- 1 Brief statement of principle
- 2 Description of principle
- 3 Experimental support
- 4 Theoretical rationale
- 5 Conditions of application
- 6 Caveats, limitations, open issues, or dissenting views
- 7 Variations (descendants)
- 8 Generalizations (ascendants)
- 9 References
Brief statement of principle
Many empirical studies have shown that there is a large amount of variance when it comes to individually produced self-explanations. Some students have a natural tenancy to self-explain, while other students do little more than repeat the content of the example or expository text. The quality of the self-explanations themselves can be highly variable (Renkl, 1997). One instructional intervention that has been shown to be effective is to prompt students to self-explain (Chi et al., 1994). Prompting can take many forms, including verbal prompts from human experimenters (Chi et al., 1994), prompts automatically generated by computer tutors (McNamara, 2004; Hausmann & Chi, 2002; Koedinger & Aleven, 2002), or embedded in the learning materials themselves (Hausmann & VanLehn, 2007).
In the context of studying an example or reading a text, prompting for self-explanations leads to greater learning gains than naturally occuring student practices.
Description of principle
- Self-explaining is defined as a "content-relevant articulation uttered by the student after reading a line of text" (Chi, 2000; p. 165) or after studying a step in a worked-out example. A self-explanation may contain a meta-cognitive statement and/or a self-explanation inference.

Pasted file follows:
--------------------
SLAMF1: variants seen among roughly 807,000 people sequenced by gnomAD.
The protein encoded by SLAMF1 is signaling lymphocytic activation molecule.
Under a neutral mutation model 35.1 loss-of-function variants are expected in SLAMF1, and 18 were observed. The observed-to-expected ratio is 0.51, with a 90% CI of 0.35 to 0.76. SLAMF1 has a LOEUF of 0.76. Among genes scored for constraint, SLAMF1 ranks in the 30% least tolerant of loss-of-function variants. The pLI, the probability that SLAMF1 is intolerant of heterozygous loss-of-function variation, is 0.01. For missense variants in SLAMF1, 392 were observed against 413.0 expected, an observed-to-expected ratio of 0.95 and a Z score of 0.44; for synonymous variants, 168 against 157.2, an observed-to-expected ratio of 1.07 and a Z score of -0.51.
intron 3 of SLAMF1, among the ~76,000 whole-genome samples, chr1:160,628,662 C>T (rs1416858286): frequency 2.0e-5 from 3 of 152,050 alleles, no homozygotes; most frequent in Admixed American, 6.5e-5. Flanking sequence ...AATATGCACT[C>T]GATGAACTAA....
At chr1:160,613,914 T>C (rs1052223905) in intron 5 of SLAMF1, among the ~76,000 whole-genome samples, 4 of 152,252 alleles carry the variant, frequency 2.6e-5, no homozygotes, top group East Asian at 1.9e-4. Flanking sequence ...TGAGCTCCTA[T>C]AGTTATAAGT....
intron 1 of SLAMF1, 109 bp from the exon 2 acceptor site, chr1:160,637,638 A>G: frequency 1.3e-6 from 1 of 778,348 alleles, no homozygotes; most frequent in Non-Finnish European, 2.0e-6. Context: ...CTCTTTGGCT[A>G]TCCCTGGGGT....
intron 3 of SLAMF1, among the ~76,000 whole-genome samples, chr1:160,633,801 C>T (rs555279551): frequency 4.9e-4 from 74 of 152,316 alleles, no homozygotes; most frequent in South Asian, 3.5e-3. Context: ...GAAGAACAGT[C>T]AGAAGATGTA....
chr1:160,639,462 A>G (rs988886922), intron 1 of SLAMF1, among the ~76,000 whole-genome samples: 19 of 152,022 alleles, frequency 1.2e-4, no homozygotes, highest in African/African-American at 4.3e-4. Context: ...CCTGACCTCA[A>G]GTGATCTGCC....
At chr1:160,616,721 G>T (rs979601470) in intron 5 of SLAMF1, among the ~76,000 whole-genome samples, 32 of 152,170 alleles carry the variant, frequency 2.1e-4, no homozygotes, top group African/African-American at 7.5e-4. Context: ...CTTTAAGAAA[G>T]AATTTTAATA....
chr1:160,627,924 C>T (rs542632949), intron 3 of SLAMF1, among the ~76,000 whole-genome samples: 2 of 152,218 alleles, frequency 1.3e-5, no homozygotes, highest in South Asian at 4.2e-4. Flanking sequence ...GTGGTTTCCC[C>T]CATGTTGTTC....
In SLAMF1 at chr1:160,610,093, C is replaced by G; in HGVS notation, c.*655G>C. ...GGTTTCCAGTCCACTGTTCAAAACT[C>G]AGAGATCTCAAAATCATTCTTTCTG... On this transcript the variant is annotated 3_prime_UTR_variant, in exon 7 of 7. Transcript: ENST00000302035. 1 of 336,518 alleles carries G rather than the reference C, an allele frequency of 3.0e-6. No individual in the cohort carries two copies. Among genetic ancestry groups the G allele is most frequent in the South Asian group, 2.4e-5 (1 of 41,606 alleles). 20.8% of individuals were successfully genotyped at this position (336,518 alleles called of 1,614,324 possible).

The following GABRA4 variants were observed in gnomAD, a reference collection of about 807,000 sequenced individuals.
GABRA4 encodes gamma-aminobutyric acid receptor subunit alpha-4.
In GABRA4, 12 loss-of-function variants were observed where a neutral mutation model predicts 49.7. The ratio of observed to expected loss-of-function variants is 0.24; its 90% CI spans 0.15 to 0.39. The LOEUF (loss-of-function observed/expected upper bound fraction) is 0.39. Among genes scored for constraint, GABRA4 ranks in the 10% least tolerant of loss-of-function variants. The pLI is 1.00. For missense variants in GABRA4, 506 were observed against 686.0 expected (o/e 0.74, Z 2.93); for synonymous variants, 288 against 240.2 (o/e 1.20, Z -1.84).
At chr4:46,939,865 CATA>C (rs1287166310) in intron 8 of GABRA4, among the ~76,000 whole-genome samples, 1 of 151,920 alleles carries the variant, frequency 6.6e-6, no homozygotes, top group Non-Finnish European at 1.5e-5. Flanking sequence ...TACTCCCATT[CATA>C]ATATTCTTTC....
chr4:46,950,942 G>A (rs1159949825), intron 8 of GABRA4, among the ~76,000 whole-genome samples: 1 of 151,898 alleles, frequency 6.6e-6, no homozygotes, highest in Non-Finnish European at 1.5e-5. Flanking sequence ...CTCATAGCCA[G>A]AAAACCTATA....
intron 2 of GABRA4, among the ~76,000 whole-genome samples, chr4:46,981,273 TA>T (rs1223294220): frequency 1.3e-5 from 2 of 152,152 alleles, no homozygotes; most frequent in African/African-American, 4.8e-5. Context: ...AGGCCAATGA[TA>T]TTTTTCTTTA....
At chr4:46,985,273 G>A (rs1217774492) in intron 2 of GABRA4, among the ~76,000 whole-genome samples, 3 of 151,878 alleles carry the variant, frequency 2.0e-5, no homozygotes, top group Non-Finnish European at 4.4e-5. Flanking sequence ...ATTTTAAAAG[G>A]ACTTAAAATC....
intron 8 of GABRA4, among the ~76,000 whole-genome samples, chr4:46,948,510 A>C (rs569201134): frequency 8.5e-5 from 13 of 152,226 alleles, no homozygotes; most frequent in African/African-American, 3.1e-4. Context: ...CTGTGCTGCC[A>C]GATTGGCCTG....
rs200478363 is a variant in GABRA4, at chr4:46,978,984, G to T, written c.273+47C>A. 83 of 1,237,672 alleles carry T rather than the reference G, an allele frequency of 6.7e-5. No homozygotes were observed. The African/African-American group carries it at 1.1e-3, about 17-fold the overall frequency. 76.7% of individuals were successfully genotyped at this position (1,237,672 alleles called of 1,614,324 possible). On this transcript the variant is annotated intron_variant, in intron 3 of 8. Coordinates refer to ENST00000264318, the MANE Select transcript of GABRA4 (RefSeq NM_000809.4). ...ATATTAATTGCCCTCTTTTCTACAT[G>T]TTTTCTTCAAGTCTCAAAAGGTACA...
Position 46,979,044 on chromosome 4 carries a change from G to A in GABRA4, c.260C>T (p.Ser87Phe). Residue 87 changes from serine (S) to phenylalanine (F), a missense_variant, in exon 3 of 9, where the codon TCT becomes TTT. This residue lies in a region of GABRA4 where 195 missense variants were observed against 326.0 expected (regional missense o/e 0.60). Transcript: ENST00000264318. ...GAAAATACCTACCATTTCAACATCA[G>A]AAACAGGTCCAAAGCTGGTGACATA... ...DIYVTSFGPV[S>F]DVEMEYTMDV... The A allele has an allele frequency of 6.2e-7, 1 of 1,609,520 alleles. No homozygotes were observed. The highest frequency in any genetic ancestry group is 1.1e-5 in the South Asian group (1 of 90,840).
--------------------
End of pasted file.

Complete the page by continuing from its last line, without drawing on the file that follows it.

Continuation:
- A meta-cognitive statement is an assessment, made by the student, of his or her own current understanding of the line of text or example step.
- A self-explanation inference is "an identified pieced of knowledge generated...that states something beyond what the sentence explicitly said" (Chi, 2000; p. 165).
- Prompting is defined as an external cue that is intended to elicit the activity of self-explaining. Prompts are typically generated by a person, tutoring system, or a verbal reminder embedded in the learning material.
Here are the instructions to self-explain, taken from Chi et al. (1994):
"We would like you to read each sentence out loud and then explain what it means to you. That is, what
new information does each line provide for you, how does it relate to what you've already read, does it give
you a new insight into your understanding of how the circulatory system works, or does it raise a question
in your mind. Tell us whatever is going through your mind–even if it seems unimportant."
These prompts were reworded to be used in Hausmann & VanLehn (2007):
- What new information does each step provide for you?
- How does it relate to what you've already seen?
- Does it give you a new insight into your understanding of how to solve the problems?
- Does it raise a question in your mind?
These prompts were then included as text, just below a worked-out example. The example was presented as a video taken of the Andes interface, with a voice-over narration describing the user-interface actions (see Table below). In this example, the student is learning how to solve the following problem: